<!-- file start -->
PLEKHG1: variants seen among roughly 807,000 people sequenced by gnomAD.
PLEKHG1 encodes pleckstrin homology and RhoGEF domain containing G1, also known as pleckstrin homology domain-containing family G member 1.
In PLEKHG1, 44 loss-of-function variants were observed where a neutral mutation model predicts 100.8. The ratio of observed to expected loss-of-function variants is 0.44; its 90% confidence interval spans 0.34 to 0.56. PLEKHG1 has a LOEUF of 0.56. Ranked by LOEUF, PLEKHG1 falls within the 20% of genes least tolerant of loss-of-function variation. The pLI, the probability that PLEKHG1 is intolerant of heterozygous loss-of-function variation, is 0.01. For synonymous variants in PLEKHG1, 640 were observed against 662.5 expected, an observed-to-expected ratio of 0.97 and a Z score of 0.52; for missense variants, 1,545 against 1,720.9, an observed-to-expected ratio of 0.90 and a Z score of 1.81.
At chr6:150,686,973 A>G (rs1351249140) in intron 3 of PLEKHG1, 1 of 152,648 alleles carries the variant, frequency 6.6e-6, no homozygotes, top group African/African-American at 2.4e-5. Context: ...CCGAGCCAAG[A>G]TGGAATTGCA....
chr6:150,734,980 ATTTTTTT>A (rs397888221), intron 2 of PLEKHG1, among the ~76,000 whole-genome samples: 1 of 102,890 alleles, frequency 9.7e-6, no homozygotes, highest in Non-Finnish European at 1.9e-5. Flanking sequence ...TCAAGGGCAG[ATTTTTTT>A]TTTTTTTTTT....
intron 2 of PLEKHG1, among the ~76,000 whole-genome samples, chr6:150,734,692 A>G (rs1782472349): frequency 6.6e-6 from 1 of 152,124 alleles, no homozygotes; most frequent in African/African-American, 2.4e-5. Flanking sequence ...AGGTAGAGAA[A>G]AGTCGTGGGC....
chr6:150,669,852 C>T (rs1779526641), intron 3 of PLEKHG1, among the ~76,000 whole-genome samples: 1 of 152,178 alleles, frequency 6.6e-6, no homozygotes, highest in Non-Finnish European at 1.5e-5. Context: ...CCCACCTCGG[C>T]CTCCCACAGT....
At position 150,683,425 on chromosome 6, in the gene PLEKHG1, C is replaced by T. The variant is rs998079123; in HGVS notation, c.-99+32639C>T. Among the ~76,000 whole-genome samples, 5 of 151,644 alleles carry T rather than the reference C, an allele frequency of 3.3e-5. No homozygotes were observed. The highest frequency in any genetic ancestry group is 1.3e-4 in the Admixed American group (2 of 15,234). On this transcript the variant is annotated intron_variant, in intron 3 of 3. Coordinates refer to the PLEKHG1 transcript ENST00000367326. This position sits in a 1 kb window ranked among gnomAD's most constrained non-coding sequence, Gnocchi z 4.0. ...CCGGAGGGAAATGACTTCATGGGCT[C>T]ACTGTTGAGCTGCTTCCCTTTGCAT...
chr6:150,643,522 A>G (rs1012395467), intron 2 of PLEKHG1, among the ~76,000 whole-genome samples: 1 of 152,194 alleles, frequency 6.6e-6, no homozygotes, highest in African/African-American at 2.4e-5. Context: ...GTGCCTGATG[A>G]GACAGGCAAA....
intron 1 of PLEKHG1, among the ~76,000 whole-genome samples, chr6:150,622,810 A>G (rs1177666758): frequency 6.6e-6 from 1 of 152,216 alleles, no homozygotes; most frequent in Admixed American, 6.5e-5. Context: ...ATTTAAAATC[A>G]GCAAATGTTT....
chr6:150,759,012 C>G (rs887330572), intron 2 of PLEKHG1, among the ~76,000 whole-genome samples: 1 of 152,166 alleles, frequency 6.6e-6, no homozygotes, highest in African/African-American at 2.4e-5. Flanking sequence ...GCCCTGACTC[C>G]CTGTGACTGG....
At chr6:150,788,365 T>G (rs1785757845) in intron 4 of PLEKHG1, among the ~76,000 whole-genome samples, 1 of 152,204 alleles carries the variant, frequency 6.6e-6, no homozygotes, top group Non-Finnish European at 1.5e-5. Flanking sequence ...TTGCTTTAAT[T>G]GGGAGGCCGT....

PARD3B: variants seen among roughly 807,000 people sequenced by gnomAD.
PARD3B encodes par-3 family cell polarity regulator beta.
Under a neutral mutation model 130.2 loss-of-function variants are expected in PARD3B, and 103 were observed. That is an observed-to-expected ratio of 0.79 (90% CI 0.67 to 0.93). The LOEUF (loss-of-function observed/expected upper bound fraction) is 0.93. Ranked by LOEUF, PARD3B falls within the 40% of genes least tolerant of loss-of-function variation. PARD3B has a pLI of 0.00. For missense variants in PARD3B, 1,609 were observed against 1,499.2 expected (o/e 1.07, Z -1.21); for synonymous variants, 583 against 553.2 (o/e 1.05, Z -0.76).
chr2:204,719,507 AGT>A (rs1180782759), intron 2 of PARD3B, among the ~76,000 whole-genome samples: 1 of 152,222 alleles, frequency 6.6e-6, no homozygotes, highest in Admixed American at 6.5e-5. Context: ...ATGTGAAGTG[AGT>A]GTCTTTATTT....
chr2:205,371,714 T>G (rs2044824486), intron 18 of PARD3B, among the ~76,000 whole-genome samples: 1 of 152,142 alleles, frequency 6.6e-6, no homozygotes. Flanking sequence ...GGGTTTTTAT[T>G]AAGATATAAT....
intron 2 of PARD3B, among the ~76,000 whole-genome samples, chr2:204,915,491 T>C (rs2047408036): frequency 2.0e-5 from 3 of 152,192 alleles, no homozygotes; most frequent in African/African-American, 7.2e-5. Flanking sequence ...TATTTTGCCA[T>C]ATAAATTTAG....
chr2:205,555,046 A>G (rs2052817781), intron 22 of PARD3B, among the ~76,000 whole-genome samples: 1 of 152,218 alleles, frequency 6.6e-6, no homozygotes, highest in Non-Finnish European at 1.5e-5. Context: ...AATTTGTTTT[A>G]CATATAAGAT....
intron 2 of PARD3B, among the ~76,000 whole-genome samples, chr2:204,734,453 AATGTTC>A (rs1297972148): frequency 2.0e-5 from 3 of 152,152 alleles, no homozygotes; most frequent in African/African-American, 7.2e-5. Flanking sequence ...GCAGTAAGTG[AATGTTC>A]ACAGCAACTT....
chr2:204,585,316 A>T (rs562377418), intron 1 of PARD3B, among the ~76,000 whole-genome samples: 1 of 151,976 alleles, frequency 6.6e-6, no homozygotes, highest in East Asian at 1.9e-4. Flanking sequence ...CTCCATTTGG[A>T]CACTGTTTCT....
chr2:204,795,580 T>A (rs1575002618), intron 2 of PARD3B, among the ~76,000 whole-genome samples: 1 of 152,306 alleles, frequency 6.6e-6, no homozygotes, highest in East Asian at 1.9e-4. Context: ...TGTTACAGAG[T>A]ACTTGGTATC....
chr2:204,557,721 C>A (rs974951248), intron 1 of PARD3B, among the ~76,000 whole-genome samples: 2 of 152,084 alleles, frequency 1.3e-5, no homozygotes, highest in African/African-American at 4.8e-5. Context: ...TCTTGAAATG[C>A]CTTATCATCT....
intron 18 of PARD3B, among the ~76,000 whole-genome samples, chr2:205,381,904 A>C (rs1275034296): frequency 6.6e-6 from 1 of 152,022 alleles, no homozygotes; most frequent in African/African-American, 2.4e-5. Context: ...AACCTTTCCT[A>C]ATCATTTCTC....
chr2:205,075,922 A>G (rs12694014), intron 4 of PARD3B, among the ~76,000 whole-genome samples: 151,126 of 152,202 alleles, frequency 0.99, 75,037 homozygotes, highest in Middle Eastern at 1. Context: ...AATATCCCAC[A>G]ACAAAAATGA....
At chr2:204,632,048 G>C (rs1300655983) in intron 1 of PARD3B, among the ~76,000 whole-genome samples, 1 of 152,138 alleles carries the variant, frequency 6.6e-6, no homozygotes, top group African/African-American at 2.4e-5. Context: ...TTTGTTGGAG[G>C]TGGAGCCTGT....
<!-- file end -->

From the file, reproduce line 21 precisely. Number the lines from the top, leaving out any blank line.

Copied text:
chr2:204,585,316 A>T (rs562377418), intron 1 of PARD3B, among the ~76,000 whole-genome samples: 1 of 151,976 alleles, frequency 6.6e-6, no homozygotes, highest in East Asian at 1.9e-4. Flanking sequence ...CTCCATTTGG[A>T]CACTGTTTCT....